From James Warren
Boston Sept. 4th. 1777
My dear Sir
I thank you for yours of the 12th. and 18th August which came safe to hand. I am much Gratified by seeing some Account of your plans, and Operations Abroad. Your good Lady Obliged me with A Sight of A Letter of A similar kind She received from you some time since.1 I think on the whole they are as well as we could Expect, and perhaps in A better way than our Enemies ever had An Idea of. I shall soon forward the Inclosed to the Foot of the Hill [as] directed. Schuyler’s Letters at the same time they discover Marks of Timidity unworthy A General, Exhibit A Spirit of rancour, partiality and Malevolence to this state Unworthy A Commissary or quarter Master, which Station he is said to be qualified for. His Representations are Extreemly Injurious, and I hope we are not to suffer for his Negligence &c. The Change in that department has given great Satisfaction here and with the Enquiry Ordered to be made, has again Engaged the Confidence of the People. I hope every one will have his deserts. It is at least time to Check the Insolence of any Officer that shall dare to make any State the Object of his Malice, and Indecent reflections.
Burgoin is indeed treading dangerous Ground. I Expect to hear of his makeing A Sudden retreat to save him and his Army. We have Exerted ourselves and sent A fine reinforcement who I hope are all up before this time. A very pretty Body of Militia had as I am Informed marched to Connecticut River in their way to the Army and were turned back by some Generals Aid de Camp because they would not Engage to stay 3 months. These were voluntiers and consisted of about 1200, but I will know more of the history of this matter.
I Congratulate you on the Success of our Arms at the Northward and Westward, very pretty Affairs indeed, and to be done by the poor despised Militia too will give singular pleasure to some people.2 We have just heard of Sullivans bringing of a number of prisoners from Staten Island, tho’ not without some Loss.
We also hear that you have found Howe. I Congratulate you also in being freed from Conjecture on that head. I hope our Army will give A good Account of him. He seems to have a great Fancy for a Trip to Philadelphia. Is it to shew his respects to Congress, or does Administration suppose that the possession of that City will be the Conquest of America. It is certainly a favourite plan. Our Committee sets on A Constitution of Goverment this day. The Court Meets next Week. Our Navy Board is met. How shall I Attend these several departments. We have no News. Some valuable prizes have Arrived, perticularly A Ship with 1600 hoghds. salt &c. from Liverpool.3 It Appears by all her Letters that they Expect the British Troops were in possession of Philadelphia at that time (June). This shews to me Howes destination, if we had no other Evidence. I shall trouble you again soon. In the mean time Bid you Adeiu and am Yours Sincerely.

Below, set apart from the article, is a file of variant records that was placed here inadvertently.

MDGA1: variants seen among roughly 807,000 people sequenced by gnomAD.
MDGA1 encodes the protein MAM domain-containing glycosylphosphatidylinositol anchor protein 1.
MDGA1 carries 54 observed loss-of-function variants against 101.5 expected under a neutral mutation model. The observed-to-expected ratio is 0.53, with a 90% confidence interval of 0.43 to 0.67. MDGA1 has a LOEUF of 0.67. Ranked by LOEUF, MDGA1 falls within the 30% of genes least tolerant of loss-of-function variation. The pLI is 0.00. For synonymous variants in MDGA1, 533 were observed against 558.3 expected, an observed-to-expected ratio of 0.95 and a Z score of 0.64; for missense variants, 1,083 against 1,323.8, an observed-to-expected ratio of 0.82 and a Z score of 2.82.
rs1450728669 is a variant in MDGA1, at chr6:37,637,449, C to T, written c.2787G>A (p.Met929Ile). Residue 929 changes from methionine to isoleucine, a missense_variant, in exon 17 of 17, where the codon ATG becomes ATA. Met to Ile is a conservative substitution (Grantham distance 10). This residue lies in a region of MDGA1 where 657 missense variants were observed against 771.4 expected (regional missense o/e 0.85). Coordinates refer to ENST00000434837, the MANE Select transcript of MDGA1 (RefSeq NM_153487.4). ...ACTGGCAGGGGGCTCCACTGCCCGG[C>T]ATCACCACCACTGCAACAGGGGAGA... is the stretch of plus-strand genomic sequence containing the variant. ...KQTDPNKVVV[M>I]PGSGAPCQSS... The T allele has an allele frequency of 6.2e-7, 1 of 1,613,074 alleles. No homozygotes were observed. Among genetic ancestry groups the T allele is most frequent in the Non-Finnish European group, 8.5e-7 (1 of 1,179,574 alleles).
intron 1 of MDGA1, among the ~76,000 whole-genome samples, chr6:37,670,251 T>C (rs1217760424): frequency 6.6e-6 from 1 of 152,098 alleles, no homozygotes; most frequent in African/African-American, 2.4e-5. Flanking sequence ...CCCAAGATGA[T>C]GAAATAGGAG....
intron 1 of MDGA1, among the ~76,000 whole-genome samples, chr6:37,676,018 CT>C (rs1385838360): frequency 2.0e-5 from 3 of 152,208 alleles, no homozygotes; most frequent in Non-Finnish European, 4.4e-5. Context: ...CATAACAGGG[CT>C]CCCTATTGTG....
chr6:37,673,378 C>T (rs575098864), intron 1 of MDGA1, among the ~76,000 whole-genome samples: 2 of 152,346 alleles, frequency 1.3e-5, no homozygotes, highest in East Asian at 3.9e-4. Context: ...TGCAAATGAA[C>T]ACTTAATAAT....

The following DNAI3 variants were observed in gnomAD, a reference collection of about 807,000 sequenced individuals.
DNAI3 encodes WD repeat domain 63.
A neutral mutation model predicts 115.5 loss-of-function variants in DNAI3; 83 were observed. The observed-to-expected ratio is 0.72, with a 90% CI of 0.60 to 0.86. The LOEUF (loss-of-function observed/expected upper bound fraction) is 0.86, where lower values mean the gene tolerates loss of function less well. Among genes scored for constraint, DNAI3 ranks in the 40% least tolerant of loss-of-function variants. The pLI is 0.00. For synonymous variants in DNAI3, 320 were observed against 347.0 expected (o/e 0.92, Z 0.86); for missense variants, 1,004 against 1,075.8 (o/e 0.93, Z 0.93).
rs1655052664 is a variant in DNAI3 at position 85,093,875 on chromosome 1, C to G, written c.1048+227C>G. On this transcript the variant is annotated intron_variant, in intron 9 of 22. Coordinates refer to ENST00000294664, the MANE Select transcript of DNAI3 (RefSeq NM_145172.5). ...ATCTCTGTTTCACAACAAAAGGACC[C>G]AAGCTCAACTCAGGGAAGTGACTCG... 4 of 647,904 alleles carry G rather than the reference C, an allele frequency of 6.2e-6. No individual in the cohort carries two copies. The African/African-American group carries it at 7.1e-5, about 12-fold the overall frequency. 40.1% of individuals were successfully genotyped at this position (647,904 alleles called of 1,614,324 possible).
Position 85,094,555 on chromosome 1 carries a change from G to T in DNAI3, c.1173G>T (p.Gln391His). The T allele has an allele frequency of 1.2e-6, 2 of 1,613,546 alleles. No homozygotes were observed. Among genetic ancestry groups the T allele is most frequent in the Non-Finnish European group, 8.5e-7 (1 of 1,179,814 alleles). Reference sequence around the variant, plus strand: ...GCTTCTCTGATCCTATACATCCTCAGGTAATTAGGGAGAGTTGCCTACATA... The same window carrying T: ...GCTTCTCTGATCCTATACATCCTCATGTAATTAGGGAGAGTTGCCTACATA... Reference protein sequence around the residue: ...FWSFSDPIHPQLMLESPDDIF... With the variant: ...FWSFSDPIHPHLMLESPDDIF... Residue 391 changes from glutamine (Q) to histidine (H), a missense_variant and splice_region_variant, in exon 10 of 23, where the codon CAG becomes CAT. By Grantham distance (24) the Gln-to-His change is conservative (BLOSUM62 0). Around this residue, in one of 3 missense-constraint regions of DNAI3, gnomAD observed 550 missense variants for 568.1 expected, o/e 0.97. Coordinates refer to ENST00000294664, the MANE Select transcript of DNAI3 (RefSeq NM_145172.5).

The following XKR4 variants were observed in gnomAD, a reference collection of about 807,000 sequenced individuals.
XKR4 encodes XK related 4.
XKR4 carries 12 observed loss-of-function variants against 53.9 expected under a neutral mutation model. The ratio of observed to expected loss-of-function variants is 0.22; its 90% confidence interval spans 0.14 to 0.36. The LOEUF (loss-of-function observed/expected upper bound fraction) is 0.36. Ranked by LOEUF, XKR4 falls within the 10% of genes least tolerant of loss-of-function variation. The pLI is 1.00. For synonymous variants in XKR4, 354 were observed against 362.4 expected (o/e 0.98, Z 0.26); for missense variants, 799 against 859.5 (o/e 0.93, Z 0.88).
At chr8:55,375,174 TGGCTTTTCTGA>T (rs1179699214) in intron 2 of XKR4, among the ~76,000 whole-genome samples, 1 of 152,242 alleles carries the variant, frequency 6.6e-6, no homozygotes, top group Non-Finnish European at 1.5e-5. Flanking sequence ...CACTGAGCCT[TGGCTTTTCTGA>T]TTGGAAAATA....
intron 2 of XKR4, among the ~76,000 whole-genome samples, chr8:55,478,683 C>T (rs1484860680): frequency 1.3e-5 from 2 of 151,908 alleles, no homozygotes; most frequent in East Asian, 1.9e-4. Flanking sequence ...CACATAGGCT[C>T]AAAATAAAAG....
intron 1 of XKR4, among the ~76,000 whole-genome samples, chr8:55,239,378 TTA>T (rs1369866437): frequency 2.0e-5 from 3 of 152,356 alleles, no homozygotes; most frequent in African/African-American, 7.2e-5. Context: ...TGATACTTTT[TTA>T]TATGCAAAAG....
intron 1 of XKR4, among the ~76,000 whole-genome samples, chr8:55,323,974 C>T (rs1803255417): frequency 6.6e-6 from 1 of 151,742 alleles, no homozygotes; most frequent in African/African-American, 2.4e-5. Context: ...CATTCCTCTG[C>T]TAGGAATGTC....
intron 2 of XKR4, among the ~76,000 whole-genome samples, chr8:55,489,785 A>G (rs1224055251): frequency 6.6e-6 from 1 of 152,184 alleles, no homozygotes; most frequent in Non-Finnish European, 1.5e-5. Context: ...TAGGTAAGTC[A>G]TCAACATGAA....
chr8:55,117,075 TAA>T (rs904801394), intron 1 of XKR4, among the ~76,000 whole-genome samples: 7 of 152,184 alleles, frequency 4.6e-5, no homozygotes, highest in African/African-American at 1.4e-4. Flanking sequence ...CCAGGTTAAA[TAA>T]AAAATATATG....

The State of our Currency is in A wretched Situation and requires the most Capital Attention. Taxation grows more popular here, and I beleive the Assembly will risque a Tax of 3 if not 400,000£. I shall write you hereafter on the subject of Oeconomy, and how difficult it is to practice it.
The disposition of the vacant Lands, I have no doubt may be made to furnish Ample resources, but I have some Apprehensions of the distant Consequences if Foreigners gain large and Extensive Grants and make settlements. However I dare say you will Consider this matter and its Consequences.
RC (Adams Papers).
1. See Intelligence from London, 31 Jan. and 3 Feb. (both above). For the letters sent by AA see those of 11 and 14 Feb. from Arthur Lee to the Secret Committee of Correspondence (Wharton, ed., Dipl. Corr. Amer. Rev. description begins Francis Wharton, ed., The Revolutionary Diplomatic Correspondence of the United States, Washington, 1889; 6 vols. description ends , 2:266, 270) that JA copied on one large sheet and sent to AA, who then sent them on to Mercy Otis Warren in a letter of 14–16 Aug. (Adams Family Correspondence description begins Adams Family Correspondence, ed. L. H. Butterfield and others, Cambridge, 1963-. description ends , 2:314). The letter to AA in which JA enclosed the Lee letters has not been identified, but it apparently carried an injunction to show them only to people who could be trusted.
2. New Hampshire Gen. John Stark on 16 Aug. led 2,000 men, mostly militia, against a mixed British force of about 800 in the Battle of Bennington. Burgoyne had detached this force under the command of Lt. Col. Frederick Baum to secure supplies; and when Baum called for reinforcements, Burgoyne sent about 650 more men under Lt. Col. Breyman. The British lost over 200 killed and about 700 captured, besides losing weapons, ammunition, and the like. Total casualties for the Americans were about 70 killed and wounded (Ward, War of the Revolution description begins Christopher Ward, The War of the Revolution, New York, 1952; 2 vols. description ends , 1:421–431).
3. This letter-of-marque ship was captured by the state-owned brig Massachusetts. A letter of 3 June on board stated that Howe’s objective was Philadelphia (Independent Chronicle, 4 Sept.).